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Water Today Title March 17, 2018

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Update 2017/5/23
Caffeinated water


This story is brought to you in part by Seaveyors

By Cori Marshall

Water is not the first thing you think of when it comes to your morning shot of caffeine, or that three o'clock pick me up. Now, caffeinated water is being touted as a healthier option for getting your stimulant fix.

Norm Snyder, CEO of Avitae USA, LLC, said that their caffeinated water product started out as a quest to develop "a lighter healthier caffeinated beverage." Snyder added that their product "stripped away the artificial colouring and flavours, sugar, calories, and preservatives," leaving a clean product that would put a little kick in your step.

What benefits does adding caffeine to water actually bring the consumer? Snyder said that "it's more about the benefit of removing, what is in soda and energy drinks." When water as the base of every beverage, what Snyder is saying rings somewhat true.

In terms of taste, other than the added natural flavours, it tastes like regular water. Snyder highlighted that Avitae "has done a good job of masking any bitterness that caffeine could impart on a drink." According to Snyder consumers state that Avitae tastes just like water.

Caffeine has been known to cause mild physical dependence, and I asked Snyder if this or any other health concerns related to caffeine were taken into account. Snyder replied "I am not too concerned about caffeine addiction, I mean how long has coffee been out there?" Snyder related that more positive properties of caffeine are coming out in the press, and that this or any product "should be used in moderation."

Snyder explained that caffeinated water gives drinkers a boost without all the unhealthy add-ons that come with coffee, soda, and energy drinks. How does the caffeine water stack up against its competitors taking into account that there is no sugar, calories, or sodium in it?

According to myfitnesspal.com a 330 ml serving of cola has "139 calories, 11 total carbs, 35g of sugar." As for energy drinks, a 16 fl. oz serving will give you "130 calories, 50 mg of sodium, 31 total carbs, 30 grams of sugar, and 1 gram of protein." Good old reliable coffee, 8 fl. Oz worth will net you "5 mg of sodium, 128 mg of potassium, 1 total carbs, and 1% iron."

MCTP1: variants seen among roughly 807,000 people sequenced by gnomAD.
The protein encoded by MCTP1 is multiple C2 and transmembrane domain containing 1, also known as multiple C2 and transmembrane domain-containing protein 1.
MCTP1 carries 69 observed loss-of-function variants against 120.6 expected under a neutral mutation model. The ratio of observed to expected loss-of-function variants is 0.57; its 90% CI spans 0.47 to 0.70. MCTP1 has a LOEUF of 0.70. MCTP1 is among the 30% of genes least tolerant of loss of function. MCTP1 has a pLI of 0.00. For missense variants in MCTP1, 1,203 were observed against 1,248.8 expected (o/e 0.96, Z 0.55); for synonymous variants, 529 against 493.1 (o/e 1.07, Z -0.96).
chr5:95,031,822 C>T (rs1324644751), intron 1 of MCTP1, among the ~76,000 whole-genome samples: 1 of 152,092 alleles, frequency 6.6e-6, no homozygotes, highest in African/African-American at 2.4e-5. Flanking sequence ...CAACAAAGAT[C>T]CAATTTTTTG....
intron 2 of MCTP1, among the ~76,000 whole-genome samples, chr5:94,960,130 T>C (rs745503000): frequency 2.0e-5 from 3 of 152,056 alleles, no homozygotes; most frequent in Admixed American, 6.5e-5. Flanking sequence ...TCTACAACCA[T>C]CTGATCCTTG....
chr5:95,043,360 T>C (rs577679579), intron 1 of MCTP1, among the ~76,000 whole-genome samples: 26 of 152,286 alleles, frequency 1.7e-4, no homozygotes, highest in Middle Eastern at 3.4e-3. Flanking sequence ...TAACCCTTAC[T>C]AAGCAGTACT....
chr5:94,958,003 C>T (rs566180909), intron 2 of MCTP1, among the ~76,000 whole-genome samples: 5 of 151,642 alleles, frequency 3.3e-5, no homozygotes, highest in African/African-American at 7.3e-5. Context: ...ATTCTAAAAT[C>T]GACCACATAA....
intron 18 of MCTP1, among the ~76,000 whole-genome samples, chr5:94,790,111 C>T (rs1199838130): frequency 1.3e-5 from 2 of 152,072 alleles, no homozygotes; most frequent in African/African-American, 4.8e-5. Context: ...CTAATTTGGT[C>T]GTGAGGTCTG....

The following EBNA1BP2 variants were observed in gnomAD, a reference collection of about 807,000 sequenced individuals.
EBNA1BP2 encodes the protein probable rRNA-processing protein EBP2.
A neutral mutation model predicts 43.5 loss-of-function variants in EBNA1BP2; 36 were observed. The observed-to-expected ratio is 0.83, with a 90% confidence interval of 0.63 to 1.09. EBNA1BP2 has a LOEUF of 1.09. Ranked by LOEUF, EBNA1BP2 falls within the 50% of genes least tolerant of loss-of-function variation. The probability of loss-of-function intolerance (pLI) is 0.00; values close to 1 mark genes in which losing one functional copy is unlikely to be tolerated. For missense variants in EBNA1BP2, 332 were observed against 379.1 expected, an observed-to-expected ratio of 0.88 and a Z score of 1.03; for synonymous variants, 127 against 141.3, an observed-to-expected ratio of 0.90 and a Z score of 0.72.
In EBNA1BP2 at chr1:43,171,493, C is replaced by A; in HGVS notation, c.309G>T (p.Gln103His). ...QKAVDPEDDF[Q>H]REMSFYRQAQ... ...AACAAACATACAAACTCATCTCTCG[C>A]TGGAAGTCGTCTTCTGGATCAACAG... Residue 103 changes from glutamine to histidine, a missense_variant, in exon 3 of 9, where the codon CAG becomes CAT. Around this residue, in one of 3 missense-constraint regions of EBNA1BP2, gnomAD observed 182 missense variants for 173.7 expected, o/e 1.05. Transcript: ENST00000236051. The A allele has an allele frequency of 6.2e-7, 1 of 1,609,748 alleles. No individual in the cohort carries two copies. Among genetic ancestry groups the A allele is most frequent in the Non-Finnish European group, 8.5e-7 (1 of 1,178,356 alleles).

Cola and energy drinks contain large amounts of sugar and calories, and the caffeine water appears to be the healthier choice in this case. When it comes to coffee the choice is not as clear.

Mary M. Sweeney Ph.D, a Postdoctoral Research Fellow Behavioral Pharmacology Research Unit at the John Hopkins University School of Medicine, said that "It's hard to say whether caffeinated water would be an overall healthier choice relative to other caffeinated beverages." There are certainly positives to the boosted water, Sweeney added it would be free of "added sugar and additional stimulants."

Sweeney pointed out that "the beneficial health effects of coffee, may be related to its components other than caffeine." Sweeney explained "it is not clear how caffeine delivered through water or relatively new ways may affect individuals overall pattern of consumption." Researchers don't know whether or not caffeine in water would be more or less addictive than in coffee or energy drinks.

Caffeine is not without its negative side effects, beyond building a tolerance to it, Sweeney said that daily consumption could lead to "withdrawal symptoms like, headache, difficulty concentrating, depressed mood, or irritability," if that individual cuts back. Aside from causing restlessness and nervousness, too much caffeine at "higher doses can cause irregular heartbeat and require medical intervention," Sweeney said. The extreme side effects are rare.

It is suggested that adults consume a maximum of 400 milligrams daily, with that daily intake they should not experience any negative consequences. Sweeney added that "there are still large individual differences in how caffeine is broken down in the body," meaning that an amount of caffeine will impact everyone in a unique way.

Getting your caffeine boost from water or coffee may not be an easy choice to make, and it may come down to an environmental one, the fact that the caffeine water comes in plastic bottles.

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